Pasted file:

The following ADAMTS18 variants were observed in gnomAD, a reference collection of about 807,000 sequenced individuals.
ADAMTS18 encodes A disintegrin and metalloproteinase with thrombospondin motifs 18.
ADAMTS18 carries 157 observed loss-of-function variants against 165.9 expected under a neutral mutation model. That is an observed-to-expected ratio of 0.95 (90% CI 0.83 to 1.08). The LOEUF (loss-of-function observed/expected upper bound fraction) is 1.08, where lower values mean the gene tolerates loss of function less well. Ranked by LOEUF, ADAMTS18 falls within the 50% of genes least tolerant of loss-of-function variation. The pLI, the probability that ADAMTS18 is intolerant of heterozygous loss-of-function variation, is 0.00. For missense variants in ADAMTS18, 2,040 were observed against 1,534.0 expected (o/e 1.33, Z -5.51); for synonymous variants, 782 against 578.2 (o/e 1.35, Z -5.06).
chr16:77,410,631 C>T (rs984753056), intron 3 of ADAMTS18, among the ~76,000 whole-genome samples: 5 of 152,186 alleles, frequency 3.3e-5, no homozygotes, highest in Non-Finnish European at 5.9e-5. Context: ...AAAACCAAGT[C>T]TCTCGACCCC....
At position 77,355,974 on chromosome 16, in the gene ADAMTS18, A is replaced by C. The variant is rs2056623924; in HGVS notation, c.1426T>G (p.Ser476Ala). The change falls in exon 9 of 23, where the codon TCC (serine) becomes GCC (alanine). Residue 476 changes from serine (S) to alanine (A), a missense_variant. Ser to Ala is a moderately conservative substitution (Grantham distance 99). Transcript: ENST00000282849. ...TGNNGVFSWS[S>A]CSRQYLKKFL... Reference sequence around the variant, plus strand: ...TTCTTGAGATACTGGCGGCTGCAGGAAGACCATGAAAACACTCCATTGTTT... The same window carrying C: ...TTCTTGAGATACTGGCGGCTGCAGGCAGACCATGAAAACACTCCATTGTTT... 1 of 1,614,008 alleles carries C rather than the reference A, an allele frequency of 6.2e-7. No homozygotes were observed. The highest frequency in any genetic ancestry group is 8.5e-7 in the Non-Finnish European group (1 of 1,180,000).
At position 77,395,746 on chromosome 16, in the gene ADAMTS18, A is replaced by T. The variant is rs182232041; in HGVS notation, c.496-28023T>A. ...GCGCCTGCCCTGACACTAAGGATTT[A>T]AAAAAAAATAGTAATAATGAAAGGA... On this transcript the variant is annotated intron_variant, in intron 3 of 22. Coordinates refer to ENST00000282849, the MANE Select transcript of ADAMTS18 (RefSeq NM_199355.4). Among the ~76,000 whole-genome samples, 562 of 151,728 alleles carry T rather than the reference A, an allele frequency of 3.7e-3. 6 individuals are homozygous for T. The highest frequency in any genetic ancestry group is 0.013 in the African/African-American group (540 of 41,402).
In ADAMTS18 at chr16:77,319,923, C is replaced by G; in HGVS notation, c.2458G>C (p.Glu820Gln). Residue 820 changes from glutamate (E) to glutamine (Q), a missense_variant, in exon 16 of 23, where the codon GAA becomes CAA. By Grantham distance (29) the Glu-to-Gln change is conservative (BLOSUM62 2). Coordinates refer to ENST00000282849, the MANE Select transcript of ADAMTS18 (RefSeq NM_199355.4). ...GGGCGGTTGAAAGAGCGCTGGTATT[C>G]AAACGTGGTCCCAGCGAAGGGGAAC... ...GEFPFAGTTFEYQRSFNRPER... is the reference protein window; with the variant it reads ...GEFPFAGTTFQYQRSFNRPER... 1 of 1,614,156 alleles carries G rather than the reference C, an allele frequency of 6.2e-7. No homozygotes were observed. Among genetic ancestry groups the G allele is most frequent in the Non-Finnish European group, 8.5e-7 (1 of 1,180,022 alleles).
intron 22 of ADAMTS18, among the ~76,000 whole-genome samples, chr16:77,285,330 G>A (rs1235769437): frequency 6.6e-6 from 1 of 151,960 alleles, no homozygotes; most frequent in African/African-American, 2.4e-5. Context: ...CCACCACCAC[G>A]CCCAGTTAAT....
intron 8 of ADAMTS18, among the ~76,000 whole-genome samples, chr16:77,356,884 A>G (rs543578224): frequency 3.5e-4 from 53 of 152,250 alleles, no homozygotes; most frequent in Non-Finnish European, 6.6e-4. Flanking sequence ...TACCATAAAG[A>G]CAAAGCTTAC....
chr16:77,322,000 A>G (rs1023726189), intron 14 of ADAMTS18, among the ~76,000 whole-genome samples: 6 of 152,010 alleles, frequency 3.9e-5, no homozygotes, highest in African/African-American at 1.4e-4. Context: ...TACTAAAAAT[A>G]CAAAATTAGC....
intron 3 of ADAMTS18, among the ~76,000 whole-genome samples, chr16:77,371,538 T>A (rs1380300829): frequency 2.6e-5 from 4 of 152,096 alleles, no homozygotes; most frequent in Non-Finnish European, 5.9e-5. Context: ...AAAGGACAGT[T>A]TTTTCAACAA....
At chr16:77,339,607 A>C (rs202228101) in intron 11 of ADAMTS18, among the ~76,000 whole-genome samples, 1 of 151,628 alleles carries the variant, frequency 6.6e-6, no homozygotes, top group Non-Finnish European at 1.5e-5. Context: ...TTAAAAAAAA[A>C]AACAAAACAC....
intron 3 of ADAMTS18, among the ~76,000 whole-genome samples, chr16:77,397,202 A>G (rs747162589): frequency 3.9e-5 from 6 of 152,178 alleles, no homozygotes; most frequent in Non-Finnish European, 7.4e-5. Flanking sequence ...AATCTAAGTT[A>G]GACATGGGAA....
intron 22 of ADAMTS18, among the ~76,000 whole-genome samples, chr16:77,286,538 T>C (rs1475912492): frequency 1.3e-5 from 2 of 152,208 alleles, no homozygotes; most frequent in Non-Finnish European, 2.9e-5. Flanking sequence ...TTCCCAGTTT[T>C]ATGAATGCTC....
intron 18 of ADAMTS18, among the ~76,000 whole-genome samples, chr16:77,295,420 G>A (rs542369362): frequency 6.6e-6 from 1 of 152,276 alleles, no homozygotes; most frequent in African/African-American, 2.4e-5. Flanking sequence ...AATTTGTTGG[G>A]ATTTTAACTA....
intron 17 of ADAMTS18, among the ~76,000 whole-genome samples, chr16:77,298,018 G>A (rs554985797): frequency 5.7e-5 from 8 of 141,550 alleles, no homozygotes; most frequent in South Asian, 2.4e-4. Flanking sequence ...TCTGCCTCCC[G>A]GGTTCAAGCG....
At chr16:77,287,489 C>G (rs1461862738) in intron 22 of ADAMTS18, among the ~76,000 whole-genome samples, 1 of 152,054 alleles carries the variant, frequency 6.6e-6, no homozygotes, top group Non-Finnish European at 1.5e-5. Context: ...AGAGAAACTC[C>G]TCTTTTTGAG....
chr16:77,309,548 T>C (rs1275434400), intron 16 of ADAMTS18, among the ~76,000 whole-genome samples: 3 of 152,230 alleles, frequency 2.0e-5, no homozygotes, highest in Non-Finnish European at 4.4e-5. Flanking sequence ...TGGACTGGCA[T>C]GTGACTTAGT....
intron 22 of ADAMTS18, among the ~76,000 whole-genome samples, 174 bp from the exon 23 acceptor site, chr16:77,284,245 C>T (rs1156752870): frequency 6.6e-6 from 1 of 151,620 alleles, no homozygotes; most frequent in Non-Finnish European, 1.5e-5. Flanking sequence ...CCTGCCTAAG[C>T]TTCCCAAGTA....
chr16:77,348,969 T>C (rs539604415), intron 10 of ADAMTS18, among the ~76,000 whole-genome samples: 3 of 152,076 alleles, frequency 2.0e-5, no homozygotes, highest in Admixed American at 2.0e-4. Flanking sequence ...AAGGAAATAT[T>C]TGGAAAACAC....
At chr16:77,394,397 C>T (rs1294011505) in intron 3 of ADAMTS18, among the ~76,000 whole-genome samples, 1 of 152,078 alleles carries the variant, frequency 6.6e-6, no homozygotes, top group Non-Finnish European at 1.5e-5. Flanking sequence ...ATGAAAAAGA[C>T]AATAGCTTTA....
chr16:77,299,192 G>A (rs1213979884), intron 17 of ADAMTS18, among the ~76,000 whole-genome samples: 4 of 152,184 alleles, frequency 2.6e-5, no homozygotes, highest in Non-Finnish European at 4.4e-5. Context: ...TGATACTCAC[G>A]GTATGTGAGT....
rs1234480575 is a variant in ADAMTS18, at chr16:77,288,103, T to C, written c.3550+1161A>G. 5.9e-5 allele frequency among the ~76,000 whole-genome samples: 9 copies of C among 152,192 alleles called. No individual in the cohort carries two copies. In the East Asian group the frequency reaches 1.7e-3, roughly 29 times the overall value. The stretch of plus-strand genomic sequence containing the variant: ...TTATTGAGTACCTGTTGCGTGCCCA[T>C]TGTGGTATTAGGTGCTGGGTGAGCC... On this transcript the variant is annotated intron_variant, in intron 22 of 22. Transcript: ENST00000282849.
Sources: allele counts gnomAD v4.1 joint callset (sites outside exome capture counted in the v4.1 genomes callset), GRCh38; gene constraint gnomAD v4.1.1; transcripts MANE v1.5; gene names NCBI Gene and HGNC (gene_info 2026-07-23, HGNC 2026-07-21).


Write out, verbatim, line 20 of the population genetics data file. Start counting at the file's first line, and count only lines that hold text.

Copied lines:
chr16:77,348,969 T>C (rs539604415), intron 10 of ADAMTS18, among the ~76,000 whole-genome samples: 3 of 152,076 alleles, frequency 2.0e-5, no homozygotes, highest in Admixed American at 2.0e-4. Flanking sequence ...AAGGAAATAT[T>C]TGGAAAACAC....